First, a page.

One of the joys of renovating is discovering original features, such finding a hidden fireplace, which can then be reopened. It is often the case in older properties that fireplaces, which were once the main source of heating, were sealed or covered over at some chapter in the property’s ownership.
After the advent of central heating in the late 1950s, many people blocked up their original fireplaces to make way for modern gas or electric fires, but fireplaces are now regaining their status as a desirable focal point.
How to spot the signs of a concealed fireplace
In most cases it will be obvious whether or not there was once a fireplace in your house: in properties dating pre-1939 there will be a chimneybreast with alcoves to the side.
If you run your hand along the face of the chimneybreast, you may be able to feel a line from the lintel or fireplace opening. Knock the wall, and you will hear a difference in sound between the solid wall and covered section.
Is it always safe to open up a fireplace?
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Before you get to work opening it up, however, it is wise to consult a surveyor to ensure it will not cause any structural damage. If the wall has been completely rebuilt, you will need to call in a builder, and likewise if there is no lintel in place or the existing lintel is cracked, as the wall could collapse if you try to knock it through yourself.
If you believe the chimney has been removed, look in the loft for either a flue or signs – chopped-off bricks or a sooty strip – that one was once there. The flue and chimney must be reinstated if you intend to have a fully working fire.
Find out how to repair a chimney in our guide.
Unblocking the fireplace
In order to uncover and unblock the fireplace, you should first find the ‘builder’s opening’. This is the rectangular recess in the chimneybreast into which the fireback is fitted, which can be quite large in pre-Georgian houses but gradually reduced in size to no more than three square-feet in modest Victorian houses, and smaller still thereafter.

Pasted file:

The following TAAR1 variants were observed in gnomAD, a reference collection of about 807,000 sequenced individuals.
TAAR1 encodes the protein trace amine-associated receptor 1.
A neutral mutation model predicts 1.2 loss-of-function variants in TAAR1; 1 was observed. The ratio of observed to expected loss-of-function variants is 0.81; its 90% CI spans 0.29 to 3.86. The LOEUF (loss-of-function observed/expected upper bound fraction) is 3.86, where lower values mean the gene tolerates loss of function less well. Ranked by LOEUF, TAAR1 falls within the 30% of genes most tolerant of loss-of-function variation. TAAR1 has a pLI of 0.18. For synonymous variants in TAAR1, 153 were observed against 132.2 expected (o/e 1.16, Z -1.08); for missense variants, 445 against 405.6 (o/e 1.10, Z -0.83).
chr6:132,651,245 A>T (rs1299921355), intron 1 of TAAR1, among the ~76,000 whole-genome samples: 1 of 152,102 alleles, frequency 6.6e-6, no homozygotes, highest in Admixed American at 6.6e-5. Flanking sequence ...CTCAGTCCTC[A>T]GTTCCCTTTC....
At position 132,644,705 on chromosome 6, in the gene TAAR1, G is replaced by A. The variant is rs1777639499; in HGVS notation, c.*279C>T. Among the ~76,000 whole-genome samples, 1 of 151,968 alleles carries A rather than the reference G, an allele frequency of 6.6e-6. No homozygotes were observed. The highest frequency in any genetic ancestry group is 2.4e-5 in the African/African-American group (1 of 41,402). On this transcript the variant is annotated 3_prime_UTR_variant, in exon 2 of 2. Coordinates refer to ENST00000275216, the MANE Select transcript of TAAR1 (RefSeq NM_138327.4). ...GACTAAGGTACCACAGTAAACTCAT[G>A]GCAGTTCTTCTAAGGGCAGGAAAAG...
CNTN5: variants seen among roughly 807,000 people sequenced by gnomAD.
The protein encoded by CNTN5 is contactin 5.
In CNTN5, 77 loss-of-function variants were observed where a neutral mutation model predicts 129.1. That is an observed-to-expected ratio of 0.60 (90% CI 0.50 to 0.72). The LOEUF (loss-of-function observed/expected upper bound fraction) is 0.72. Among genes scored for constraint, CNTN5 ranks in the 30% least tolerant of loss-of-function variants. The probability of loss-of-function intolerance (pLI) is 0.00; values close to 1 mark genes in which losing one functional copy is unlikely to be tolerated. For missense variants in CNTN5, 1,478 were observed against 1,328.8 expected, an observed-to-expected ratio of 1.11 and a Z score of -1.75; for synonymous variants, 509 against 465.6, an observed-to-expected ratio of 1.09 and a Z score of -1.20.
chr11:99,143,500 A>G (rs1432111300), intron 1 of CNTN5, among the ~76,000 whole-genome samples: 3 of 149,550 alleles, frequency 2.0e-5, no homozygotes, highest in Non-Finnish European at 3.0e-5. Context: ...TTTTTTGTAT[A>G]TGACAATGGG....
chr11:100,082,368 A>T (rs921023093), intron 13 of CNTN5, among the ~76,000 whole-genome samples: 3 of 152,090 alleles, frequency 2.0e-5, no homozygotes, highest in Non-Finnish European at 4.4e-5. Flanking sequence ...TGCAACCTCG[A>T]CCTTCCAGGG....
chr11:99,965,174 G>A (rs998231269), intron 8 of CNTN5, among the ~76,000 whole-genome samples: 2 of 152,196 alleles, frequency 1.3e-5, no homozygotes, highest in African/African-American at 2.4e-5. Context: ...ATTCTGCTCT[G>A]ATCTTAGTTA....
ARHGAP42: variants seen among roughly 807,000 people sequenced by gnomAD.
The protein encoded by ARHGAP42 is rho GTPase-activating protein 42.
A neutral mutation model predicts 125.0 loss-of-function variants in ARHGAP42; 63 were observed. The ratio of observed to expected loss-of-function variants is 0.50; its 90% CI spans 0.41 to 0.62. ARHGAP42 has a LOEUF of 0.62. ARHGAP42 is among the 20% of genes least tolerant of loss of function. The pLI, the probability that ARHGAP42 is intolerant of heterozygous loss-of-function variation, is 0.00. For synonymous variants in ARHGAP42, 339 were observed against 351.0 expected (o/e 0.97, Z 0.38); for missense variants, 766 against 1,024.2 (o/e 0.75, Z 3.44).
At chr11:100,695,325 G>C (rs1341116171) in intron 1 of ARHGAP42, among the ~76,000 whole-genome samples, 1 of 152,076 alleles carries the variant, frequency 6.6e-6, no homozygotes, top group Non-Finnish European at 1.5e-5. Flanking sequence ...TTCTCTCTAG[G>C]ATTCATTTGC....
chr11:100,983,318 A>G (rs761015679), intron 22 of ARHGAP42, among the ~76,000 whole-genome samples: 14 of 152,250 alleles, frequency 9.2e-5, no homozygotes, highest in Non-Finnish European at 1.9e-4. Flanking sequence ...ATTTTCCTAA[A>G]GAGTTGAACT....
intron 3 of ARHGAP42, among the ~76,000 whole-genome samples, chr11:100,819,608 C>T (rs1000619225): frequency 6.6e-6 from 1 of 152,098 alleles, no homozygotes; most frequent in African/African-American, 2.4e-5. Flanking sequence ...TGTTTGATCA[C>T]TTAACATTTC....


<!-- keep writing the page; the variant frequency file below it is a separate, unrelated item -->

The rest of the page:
To find this opening, remove the airbrick or ventilation vent, or take out two bricks about 30cm above the floor. Hold a lit taper in front of the opening — a flame drawn towards it indicates a clear chimney, while a still flame is a sign that the chimney is in some way obstructed.
You can also check to see if the hearth is still in place by lifting the floor covering. The hearth is usually a concrete slab, about 12cm deep, which extends beneath the fire and out into the room. If it is missing, it will need to be rebuilt.
Before you set about reinstating the opening, you should first protect your floors and cover furniture. Start by carefully chopping off the plaster from the assumed centre of the fireplace, working outwards, and the outline of the opening will become apparent. It should be spanned by a lintel, which must be left in place.
Starting one course down from the underside of the lintel, remove a full course of masonry the width of the opening. This should then reveal a space with a fireback where the fire once burned. If the fireback is in good condition, it can be left in situ. Minor cracks in the fireback can be repaired with fire cement, although more extensive damage will need specialist attention.
Once the outline of the structural opening, together with its lintel or arch, is visible, all the masonry within the outline can be removed, leaving a square opening to take the fire or stove of your choice.
Reinstating the fireplace
Before you can begin using the fireplace, however, there are a few essential checks to undertake.
- Damaged arches or lintels will need repairing and the chimney must be sound and clear of any obstructions.
- Any flue or chimney capping should also be removed.
- Before installing a new appliance, bring in a chimney sweep to clean and inspect the flue.
- Have the condition of the lining checked and a smoke test carried out.
With chimneys in old houses, many years of burning coal will have resulted in tars and salts being absorbed into the brickwork, and if the redundant flue becomes damp, these may soak through into the plasterwork. Some form of false wall or dry-lining may therefore need to be applied to the face of the chimney breast to prevent these showing through.